The Scottish Government consultation proposes giving the Scottish Environmental Protection Agency (SEPA) the power to hand out fines of between £500 and £40,000 to environmental offenders. It will also be able to accept 'enforcement undertakings', giving an offender the opportunity to make an offer to take steps to correct its behaviour, in a wider range of circumstances.
SEPA currently has to refer alleged breaches to the procurator fiscal for prosecution through the courts, although it has a very restricted power to issue fines in relation to breaches of certain regulations including the Greenhouse Gas Emissions Trading Scheme and CRC Energy Efficiency Scheme. There is also a "gap" between SEPA's powers to require an operator to do something and the point at which it should refer a report to the procurator fiscal, according to the consultation.
"If SEPA is to be able to advise and encourage those who are confused or careless about their responsibilities, and to set them on the right path, it needs other tools in addition to criminal prosecution," the paper said. However, criminal prosecution will be retained for "serious and wilful breaches" of environmental laws.
In England and Wales the Environment Agency now has the power to issue civil sanctions including fixed and variable monetary penalties for certain environmental offences without resorting to a criminal prosecution. However, the power to issue civil sanctions for environmental permitting offences was delayed further this year whilst the Government undertakes further work on "whether and when" these powers can be introduced.
Gordon McCreath, environmental expert at Pinsent Masons, the firm behind Outlaw.com, said: "The elements of the new enforcement toolkit proposed for SEPA have been already been discussed at length in England and Wales. If this toolkit is implemented the real test will be in the tasting. Will it result in an overall lighter touch for regulation or will new powers result in new levels of intervention in operators' businesses? Ensuring consistency of approach by environmental protection officers on the ground will be absolutely key to achieving true risk based regulation in practice."
The Scottish consultation also proposes creating a new corporate permit system intended to regulate a company's overall environmental performance, rather than regulating individual sites or activities.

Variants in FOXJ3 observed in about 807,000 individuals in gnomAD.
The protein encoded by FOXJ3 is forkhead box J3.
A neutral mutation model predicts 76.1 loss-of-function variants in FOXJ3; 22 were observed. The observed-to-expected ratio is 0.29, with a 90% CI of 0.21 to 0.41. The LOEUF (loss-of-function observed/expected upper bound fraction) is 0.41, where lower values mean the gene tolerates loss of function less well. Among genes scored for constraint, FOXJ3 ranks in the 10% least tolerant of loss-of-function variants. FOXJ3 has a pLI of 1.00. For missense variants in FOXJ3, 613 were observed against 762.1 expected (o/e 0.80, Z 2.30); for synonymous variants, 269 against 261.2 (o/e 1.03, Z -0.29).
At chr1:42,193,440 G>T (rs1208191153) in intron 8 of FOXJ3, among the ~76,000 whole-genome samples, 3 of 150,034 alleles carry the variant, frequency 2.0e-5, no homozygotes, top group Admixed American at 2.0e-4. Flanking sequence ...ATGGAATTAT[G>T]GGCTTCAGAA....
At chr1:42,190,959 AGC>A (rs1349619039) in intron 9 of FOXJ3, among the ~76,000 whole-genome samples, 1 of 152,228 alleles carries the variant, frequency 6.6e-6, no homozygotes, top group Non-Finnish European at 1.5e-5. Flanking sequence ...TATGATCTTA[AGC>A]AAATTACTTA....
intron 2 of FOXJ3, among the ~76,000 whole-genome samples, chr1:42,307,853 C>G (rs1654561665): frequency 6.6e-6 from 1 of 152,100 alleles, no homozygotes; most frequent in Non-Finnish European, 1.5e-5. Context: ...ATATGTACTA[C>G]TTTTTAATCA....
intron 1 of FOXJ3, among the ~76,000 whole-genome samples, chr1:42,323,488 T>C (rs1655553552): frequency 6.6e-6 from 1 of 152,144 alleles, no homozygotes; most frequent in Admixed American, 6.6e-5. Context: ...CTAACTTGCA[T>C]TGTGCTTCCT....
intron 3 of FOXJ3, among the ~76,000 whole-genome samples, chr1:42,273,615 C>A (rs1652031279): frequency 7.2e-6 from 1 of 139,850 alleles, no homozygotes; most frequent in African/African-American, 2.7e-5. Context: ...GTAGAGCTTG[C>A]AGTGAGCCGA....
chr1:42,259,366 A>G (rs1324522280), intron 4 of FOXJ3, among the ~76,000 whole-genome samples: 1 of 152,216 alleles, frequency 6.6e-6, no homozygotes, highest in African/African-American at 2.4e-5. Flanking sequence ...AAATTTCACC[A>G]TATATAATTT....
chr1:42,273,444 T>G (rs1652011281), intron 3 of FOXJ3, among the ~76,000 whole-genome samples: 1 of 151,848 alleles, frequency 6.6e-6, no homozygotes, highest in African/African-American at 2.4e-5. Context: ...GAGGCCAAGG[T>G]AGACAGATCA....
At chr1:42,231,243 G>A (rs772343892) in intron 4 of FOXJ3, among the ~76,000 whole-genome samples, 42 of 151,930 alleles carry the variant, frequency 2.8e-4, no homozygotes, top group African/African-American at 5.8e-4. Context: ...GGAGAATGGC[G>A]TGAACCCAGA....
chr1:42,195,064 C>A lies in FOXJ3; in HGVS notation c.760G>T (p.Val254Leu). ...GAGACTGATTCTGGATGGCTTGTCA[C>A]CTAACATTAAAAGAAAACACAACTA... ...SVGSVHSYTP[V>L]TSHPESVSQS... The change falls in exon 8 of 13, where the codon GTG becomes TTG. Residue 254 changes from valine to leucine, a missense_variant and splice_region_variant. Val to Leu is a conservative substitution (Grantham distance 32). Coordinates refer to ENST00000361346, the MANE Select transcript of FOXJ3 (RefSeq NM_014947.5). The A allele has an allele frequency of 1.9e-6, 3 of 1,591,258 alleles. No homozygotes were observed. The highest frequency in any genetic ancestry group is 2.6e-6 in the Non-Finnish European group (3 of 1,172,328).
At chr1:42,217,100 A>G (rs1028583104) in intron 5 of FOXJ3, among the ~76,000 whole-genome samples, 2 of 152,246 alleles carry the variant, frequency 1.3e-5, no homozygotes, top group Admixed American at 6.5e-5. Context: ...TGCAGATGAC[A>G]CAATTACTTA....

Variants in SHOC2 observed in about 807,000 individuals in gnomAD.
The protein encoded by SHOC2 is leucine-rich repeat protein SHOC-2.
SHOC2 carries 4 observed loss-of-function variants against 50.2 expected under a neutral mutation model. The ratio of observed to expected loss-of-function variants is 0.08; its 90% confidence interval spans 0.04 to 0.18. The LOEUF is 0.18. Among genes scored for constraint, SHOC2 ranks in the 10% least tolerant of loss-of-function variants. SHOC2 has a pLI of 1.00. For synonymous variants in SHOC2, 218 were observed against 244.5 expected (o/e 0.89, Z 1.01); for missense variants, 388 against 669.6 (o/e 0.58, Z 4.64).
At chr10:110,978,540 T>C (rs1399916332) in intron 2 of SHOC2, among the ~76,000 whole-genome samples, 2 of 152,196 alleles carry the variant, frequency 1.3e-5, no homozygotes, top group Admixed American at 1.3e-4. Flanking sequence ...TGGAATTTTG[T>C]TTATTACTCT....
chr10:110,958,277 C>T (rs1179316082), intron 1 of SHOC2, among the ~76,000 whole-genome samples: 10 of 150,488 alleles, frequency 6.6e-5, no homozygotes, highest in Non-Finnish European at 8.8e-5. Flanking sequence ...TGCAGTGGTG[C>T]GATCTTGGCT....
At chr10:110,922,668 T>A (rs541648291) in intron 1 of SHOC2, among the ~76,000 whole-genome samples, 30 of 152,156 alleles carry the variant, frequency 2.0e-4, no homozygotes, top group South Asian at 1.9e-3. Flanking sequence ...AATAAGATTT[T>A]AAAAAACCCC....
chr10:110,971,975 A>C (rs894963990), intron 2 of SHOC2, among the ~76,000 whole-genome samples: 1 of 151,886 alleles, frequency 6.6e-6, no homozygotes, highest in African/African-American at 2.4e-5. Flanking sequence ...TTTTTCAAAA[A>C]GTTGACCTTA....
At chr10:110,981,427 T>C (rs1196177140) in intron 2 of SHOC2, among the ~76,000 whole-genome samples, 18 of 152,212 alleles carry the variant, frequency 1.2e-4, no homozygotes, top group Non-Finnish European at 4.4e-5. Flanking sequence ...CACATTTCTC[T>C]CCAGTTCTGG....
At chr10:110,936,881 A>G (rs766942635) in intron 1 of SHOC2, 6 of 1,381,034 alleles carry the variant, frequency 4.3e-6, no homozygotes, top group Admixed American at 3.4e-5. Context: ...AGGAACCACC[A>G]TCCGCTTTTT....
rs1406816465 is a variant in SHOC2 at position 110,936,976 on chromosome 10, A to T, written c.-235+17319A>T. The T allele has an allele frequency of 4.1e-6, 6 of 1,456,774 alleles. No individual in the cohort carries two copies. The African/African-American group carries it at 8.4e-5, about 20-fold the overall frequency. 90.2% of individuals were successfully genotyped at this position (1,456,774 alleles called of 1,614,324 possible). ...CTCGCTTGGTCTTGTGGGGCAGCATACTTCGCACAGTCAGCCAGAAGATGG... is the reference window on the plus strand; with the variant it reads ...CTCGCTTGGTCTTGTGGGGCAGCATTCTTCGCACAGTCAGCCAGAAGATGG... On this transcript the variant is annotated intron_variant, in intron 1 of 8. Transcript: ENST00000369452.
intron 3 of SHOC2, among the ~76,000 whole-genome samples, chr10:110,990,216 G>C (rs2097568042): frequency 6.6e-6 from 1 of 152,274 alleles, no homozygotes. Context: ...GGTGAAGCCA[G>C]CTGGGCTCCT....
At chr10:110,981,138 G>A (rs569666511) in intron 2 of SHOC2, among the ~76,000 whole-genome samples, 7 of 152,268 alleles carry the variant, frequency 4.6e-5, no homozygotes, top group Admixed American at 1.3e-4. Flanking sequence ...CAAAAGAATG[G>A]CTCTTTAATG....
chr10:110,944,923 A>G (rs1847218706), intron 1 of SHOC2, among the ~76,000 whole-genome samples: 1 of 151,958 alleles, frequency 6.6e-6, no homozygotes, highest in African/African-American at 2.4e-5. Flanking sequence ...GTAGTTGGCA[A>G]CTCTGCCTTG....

Under the plans the 29 separate regimes currently operated by SEPA either on its own or together with other bodies will be replaced with a single structure involving a common set of procedures, notices and other regulatory tools. SEPA is currently the primary regulator for the environmental regulation and enforcement regimes covering water, waste, radioactive substances and pollution, prevention and control.
"The new system will be flexible enough to allow SEPA to develop a more outcome-focussed approach to regulation," according to the paper. "It should be recognised that complete integration may not be possible due to the specific requirements of some of the relevant EU Directives. However, there is still scope to make significant improvements."
The new framework will be based on a hierarchy system with three different levels of permission depending on the risk a particular activity poses to the environment. Low-risk activities will need to conform to activity-specific general binding rules, but operators will not need to notify SEPA that they plan to carry out that activity. A simple registration against a set of activity-specific standard conditions will apply to the next level of activity, with the Scottish Government anticipating a "light touch form of permission" with "very simple procedural requirements". Written permits at a range of levels will be granted to the highest risk projects, and those on which specific requirements under EU legislation must be met.
"The environment would be better served by a clear, robust permitting regime that provides a proportionate level of control against which SEPA can target its active regulation," the consultation document said. Such a regime would "support SEPA in taking a more joined-up, targeted approach to how it actively regulates" which would relate more to a particular activity's actual risk to the environment rather than the type of activity undertaken.
"These proposals see Scotland returning to the risk based permitting that it introduced for the first time in the UK in the Controlled Activities Regulations", commented McCreath. "This will certainly make life simpler for SEPA and operators who are new to the existing regimes. However for those already used to the longstanding environmental regimes, the costs of re-consenting and retraining will be significant. Operators will also want to check whether the protections and defences that they are afforded under existing regimes are translated across to the new single structure. Experience in England and Wales suggests that a lot of these may be lost."
A proposed new corporate permissions system will enable SEPA and relevant companies to agree on priorities which will meet that company's legal obligations regarding the environment.
Companies that have already reached a high level of environmental management, complete with robust monitoring systems, would be able to reduce their administrative burden through annual performance reporting rather than prescriptive monitoring requirements. Corporate permits could also include voluntary obligations that the company wished to make to improve the environment, over and above its regulatory requirements. Integrated permissions could also be issued where one installation needs permits for several different types of activity.